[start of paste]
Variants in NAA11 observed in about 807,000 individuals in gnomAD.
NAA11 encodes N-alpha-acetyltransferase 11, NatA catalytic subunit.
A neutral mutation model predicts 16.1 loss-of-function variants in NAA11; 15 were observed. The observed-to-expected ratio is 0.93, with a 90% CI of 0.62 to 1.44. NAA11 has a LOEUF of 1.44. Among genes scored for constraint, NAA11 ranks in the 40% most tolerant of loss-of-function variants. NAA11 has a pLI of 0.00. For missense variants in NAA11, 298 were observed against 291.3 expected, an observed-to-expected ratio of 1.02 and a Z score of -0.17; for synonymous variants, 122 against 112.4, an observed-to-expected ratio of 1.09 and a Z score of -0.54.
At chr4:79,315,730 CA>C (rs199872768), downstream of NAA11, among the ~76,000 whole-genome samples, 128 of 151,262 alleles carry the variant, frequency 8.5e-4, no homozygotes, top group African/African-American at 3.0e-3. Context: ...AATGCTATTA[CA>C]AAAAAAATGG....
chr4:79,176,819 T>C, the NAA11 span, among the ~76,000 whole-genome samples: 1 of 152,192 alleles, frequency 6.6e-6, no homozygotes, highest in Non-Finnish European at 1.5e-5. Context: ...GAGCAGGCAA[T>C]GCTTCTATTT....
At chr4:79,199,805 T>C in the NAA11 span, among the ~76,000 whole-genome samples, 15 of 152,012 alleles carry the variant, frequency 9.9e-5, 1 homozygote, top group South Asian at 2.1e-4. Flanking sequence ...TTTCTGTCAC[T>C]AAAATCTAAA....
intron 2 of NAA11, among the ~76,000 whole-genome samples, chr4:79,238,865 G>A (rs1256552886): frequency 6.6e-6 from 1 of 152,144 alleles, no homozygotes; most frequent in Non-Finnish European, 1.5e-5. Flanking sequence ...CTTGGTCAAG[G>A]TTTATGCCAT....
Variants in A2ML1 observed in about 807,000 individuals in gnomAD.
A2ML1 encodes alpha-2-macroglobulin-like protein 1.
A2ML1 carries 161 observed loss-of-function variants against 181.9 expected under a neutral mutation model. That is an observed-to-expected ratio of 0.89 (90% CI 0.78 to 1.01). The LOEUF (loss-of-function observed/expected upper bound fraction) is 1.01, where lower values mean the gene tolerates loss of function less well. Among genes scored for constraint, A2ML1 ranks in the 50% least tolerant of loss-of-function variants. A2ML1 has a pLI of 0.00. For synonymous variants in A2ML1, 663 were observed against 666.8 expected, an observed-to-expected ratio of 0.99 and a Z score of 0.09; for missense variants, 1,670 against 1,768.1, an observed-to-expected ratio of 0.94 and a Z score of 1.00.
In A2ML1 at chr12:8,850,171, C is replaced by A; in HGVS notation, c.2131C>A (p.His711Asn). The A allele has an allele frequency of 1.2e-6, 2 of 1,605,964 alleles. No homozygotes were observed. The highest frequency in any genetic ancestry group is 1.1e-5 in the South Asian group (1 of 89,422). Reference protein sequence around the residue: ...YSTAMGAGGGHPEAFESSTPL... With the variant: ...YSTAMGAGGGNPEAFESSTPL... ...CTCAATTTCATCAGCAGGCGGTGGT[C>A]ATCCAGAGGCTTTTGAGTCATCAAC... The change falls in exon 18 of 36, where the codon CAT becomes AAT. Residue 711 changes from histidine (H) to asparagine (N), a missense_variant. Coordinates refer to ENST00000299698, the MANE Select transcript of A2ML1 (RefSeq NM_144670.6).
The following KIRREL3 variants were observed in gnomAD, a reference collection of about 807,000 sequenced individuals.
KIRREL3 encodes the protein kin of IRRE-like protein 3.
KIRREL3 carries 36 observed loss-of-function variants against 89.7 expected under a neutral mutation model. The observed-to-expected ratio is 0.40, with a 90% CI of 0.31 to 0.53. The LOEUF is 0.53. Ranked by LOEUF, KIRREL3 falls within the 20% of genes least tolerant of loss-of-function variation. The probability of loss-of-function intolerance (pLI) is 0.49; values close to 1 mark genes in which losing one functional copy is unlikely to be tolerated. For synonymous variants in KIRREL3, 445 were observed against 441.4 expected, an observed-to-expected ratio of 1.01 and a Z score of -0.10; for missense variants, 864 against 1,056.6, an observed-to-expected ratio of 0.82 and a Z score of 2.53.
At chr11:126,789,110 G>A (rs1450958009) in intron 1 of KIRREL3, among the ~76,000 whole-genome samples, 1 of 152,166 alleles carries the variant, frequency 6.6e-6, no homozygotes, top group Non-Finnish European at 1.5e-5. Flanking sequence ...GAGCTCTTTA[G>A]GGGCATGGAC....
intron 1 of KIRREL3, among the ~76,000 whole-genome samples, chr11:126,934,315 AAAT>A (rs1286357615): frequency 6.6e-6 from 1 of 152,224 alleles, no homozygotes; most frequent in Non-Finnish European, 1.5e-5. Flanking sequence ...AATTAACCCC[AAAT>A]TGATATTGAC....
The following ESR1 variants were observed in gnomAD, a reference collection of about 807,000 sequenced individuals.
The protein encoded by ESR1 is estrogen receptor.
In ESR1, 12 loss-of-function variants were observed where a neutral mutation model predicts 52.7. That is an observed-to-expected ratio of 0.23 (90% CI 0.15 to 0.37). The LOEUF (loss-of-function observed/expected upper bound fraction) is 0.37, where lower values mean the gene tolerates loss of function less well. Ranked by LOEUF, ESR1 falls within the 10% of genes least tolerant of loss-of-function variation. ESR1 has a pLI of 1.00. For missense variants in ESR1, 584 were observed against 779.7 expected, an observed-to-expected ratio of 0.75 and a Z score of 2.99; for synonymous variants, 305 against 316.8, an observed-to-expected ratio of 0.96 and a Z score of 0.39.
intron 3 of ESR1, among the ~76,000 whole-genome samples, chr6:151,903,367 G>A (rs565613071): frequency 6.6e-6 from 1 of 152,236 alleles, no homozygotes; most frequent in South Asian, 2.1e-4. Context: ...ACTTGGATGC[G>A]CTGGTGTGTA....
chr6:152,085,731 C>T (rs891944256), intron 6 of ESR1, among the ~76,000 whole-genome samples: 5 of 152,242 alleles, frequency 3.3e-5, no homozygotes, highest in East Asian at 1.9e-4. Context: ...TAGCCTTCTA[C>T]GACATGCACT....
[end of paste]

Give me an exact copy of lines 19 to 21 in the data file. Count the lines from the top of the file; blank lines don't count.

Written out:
In ESR1, 12 loss-of-function variants were observed where a neutral mutation model predicts 52.7. That is an observed-to-expected ratio of 0.23 (90% CI 0.15 to 0.37). The LOEUF (loss-of-function observed/expected upper bound fraction) is 0.37, where lower values mean the gene tolerates loss of function less well. Ranked by LOEUF, ESR1 falls within the 10% of genes least tolerant of loss-of-function variation. ESR1 has a pLI of 1.00. For missense variants in ESR1, 584 were observed against 779.7 expected, an observed-to-expected ratio of 0.75 and a Z score of 2.99; for synonymous variants, 305 against 316.8, an observed-to-expected ratio of 0.96 and a Z score of 0.39.
intron 3 of ESR1, among the ~76,000 whole-genome samples, chr6:151,903,367 G>A (rs565613071): frequency 6.6e-6 from 1 of 152,236 alleles, no homozygotes; most frequent in South Asian, 2.1e-4. Context: ...ACTTGGATGC[G>A]CTGGTGTGTA....
chr6:152,085,731 C>T (rs891944256), intron 6 of ESR1, among the ~76,000 whole-genome samples: 5 of 152,242 alleles, frequency 3.3e-5, no homozygotes, highest in East Asian at 1.9e-4. Context: ...TAGCCTTCTA[C>T]GACATGCACT....